As Johnson predicted, I certainly won't be adopting all of her techniques, but this book is a good reminder that even if you don't...more
I wish I had time to make my own mustard and my own makeup. The author seems sincere in her desire to keep her footprint to a minimum, but she is not living in my reality. I did find some tips for how to cut back on junk mail and gift giving, but mostly I just wondered how the author had any friends left.
Cherie In the Dooryard
I read the author's blog and find that she constantly challenges my thinking regarding waste. Is she extreme? Yes. Oh yes. And she knows it and admits it, declaring that she sees herself as the experimenter in order to save everyone else the time of figuring it out. So I was pre-disposed to be interested in this book. Just no. She's a blogger, not a writer or researcher, and it shows. There was a lot more that could have been done here in terms of making the waste reduction argument an...more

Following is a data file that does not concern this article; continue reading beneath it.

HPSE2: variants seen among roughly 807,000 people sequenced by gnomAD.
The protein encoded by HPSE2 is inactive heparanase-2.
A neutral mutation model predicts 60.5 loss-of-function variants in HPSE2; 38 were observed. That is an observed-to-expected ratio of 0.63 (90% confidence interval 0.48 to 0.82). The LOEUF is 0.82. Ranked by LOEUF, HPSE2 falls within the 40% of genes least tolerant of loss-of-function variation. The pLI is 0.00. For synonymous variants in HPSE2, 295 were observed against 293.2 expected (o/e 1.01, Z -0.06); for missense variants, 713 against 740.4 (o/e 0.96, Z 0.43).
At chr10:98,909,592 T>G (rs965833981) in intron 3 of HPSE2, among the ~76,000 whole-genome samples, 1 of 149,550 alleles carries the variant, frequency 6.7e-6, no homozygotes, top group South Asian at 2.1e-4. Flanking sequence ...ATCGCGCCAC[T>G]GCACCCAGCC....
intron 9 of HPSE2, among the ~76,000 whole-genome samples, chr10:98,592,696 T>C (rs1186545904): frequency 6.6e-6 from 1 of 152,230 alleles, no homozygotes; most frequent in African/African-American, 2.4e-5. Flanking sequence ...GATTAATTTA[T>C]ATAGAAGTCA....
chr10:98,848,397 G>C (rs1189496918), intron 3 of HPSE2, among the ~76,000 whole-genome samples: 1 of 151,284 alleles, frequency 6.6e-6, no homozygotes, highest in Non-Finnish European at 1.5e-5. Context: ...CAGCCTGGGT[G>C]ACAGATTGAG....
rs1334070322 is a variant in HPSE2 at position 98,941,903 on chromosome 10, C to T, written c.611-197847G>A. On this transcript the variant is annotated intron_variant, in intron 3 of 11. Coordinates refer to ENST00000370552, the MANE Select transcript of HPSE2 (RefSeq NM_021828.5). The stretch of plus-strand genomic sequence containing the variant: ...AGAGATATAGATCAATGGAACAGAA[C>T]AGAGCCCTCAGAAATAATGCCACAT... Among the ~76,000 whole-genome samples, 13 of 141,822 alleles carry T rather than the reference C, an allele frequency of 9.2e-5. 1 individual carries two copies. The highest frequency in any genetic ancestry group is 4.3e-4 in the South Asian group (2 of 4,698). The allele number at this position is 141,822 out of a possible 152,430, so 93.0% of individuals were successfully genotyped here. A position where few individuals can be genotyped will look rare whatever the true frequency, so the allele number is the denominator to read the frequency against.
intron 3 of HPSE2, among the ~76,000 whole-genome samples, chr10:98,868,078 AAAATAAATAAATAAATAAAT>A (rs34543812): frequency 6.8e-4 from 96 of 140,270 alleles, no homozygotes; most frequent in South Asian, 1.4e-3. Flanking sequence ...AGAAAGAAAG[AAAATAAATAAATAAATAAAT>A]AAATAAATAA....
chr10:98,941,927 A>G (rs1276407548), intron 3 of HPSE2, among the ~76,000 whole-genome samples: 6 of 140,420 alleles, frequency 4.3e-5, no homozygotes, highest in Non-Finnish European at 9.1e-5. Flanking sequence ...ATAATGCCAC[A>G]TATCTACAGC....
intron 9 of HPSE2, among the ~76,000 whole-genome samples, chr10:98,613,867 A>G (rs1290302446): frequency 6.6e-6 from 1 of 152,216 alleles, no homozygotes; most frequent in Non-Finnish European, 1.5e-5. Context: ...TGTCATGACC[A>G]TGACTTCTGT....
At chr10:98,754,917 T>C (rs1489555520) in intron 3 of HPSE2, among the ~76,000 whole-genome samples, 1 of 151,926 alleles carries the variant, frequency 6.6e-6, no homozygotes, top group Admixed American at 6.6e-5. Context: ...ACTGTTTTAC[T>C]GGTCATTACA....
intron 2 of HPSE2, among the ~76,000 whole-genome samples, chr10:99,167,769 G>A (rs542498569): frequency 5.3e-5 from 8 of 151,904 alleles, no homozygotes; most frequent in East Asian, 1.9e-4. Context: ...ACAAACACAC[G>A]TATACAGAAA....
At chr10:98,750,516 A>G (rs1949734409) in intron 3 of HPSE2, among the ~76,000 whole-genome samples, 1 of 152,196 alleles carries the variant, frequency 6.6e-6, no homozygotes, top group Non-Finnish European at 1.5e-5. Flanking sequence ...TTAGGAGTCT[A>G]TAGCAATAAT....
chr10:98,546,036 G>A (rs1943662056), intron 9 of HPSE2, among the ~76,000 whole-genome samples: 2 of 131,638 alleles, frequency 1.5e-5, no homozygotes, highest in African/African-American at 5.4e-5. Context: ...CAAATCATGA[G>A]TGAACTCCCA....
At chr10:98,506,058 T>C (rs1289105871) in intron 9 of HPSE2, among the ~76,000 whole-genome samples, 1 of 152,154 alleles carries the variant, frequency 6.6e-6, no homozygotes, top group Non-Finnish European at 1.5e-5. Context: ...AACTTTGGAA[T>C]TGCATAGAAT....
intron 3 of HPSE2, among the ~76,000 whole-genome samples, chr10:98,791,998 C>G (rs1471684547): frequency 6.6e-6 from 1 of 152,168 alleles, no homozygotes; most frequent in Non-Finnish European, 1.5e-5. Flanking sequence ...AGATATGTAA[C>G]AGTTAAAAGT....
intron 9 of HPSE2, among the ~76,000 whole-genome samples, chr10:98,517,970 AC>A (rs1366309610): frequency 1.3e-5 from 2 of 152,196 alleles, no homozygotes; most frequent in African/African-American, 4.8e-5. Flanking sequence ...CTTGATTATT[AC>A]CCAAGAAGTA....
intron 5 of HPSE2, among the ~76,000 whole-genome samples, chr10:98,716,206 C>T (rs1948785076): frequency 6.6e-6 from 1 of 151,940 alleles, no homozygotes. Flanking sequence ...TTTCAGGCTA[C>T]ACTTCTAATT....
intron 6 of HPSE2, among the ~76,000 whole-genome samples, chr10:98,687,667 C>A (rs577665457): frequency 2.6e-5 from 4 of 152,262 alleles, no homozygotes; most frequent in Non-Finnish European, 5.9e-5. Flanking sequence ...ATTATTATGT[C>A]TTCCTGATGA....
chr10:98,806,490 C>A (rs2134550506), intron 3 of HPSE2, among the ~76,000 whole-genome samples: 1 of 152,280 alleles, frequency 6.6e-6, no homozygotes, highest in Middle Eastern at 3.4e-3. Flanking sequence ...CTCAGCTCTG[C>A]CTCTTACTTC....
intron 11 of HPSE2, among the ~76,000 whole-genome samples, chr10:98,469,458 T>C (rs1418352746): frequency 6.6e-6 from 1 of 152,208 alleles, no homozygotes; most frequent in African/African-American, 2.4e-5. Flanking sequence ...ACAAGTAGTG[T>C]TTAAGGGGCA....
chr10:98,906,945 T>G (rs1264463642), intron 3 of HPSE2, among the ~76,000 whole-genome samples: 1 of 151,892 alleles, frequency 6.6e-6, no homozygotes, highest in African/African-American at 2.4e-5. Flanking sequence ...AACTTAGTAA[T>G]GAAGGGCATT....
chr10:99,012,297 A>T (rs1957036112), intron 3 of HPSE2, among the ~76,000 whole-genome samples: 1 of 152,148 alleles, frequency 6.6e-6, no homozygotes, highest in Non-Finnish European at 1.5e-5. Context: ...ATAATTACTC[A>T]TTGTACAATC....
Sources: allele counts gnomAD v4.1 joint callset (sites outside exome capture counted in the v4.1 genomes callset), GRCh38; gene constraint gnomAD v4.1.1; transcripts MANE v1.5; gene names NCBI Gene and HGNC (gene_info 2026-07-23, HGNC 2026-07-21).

I think this is a brilliant book! I never feel like Bea is preaching or suggesting that everyone follow her lifestyle to the letter, but that she is just sharing all the techniques she has discovered over many years of exploration. How you implement her ideas is up to you.
After listening to the audiobook of "The Story of Stuff" I was looking for practical ideas to cut back on my disposables, and Zero Waste Home is full of ideas and recipes. As a visual artist, I appreciate Bea's focus on creati...more
I definitely admire a woman on a mission. And it's always nice to read a missive by someone with even more crazy-out-there ideas than my own.

The problem with this book for me was that the simplicity goal and the zero-waste goal are two entirely different things, and I can't quite see how to implement them without contradiction. How am I supposed to get my wardrobe down to, like, 25 pieces total, for example, without getting rid of basically everything I own and then purchasing those 25 magical...more